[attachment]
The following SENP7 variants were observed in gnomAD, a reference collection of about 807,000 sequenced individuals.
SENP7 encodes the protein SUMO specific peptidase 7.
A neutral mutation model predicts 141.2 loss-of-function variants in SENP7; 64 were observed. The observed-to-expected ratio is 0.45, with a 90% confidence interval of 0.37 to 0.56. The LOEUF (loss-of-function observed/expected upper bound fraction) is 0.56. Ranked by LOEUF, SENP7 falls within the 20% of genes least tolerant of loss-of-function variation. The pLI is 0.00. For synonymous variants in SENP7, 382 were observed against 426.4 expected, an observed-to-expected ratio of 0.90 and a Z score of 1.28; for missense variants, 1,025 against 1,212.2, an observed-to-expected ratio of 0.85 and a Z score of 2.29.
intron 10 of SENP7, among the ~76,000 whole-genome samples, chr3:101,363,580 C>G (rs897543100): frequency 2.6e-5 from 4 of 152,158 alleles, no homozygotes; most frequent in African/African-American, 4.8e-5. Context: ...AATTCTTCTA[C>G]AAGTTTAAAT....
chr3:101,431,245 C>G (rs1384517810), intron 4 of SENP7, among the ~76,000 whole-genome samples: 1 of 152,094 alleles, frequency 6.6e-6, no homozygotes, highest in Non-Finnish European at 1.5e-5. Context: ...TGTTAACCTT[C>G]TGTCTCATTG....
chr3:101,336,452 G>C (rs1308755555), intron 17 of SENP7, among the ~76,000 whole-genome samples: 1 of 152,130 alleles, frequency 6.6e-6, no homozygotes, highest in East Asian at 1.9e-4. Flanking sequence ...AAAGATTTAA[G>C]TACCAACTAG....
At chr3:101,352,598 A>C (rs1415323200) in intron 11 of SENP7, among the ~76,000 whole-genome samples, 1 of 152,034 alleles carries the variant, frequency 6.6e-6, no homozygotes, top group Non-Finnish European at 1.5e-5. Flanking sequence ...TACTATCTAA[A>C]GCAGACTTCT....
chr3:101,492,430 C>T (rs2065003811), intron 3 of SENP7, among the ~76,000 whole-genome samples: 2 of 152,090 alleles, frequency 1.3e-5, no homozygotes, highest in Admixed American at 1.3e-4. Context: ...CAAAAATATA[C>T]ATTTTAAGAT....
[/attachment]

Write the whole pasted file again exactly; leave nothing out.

The following SENP7 variants were observed in gnomAD, a reference collection of about 807,000 sequenced individuals.
SENP7 encodes the protein SUMO specific peptidase 7.
A neutral mutation model predicts 141.2 loss-of-function variants in SENP7; 64 were observed. The observed-to-expected ratio is 0.45, with a 90% confidence interval of 0.37 to 0.56. The LOEUF (loss-of-function observed/expected upper bound fraction) is 0.56. Ranked by LOEUF, SENP7 falls within the 20% of genes least tolerant of loss-of-function variation. The pLI is 0.00. For synonymous variants in SENP7, 382 were observed against 426.4 expected, an observed-to-expected ratio of 0.90 and a Z score of 1.28; for missense variants, 1,025 against 1,212.2, an observed-to-expected ratio of 0.85 and a Z score of 2.29.
intron 10 of SENP7, among the ~76,000 whole-genome samples, chr3:101,363,580 C>G (rs897543100): frequency 2.6e-5 from 4 of 152,158 alleles, no homozygotes; most frequent in African/African-American, 4.8e-5. Context: ...AATTCTTCTA[C>G]AAGTTTAAAT....
chr3:101,431,245 C>G (rs1384517810), intron 4 of SENP7, among the ~76,000 whole-genome samples: 1 of 152,094 alleles, frequency 6.6e-6, no homozygotes, highest in Non-Finnish European at 1.5e-5. Context: ...TGTTAACCTT[C>G]TGTCTCATTG....
chr3:101,336,452 G>C (rs1308755555), intron 17 of SENP7, among the ~76,000 whole-genome samples: 1 of 152,130 alleles, frequency 6.6e-6, no homozygotes, highest in East Asian at 1.9e-4. Flanking sequence ...AAAGATTTAA[G>C]TACCAACTAG....
At chr3:101,352,598 A>C (rs1415323200) in intron 11 of SENP7, among the ~76,000 whole-genome samples, 1 of 152,034 alleles carries the variant, frequency 6.6e-6, no homozygotes, top group Non-Finnish European at 1.5e-5. Flanking sequence ...TACTATCTAA[A>C]GCAGACTTCT....
chr3:101,492,430 C>T (rs2065003811), intron 3 of SENP7, among the ~76,000 whole-genome samples: 2 of 152,090 alleles, frequency 1.3e-5, no homozygotes, highest in Admixed American at 1.3e-4. Context: ...CAAAAATATA[C>T]ATTTTAAGAT....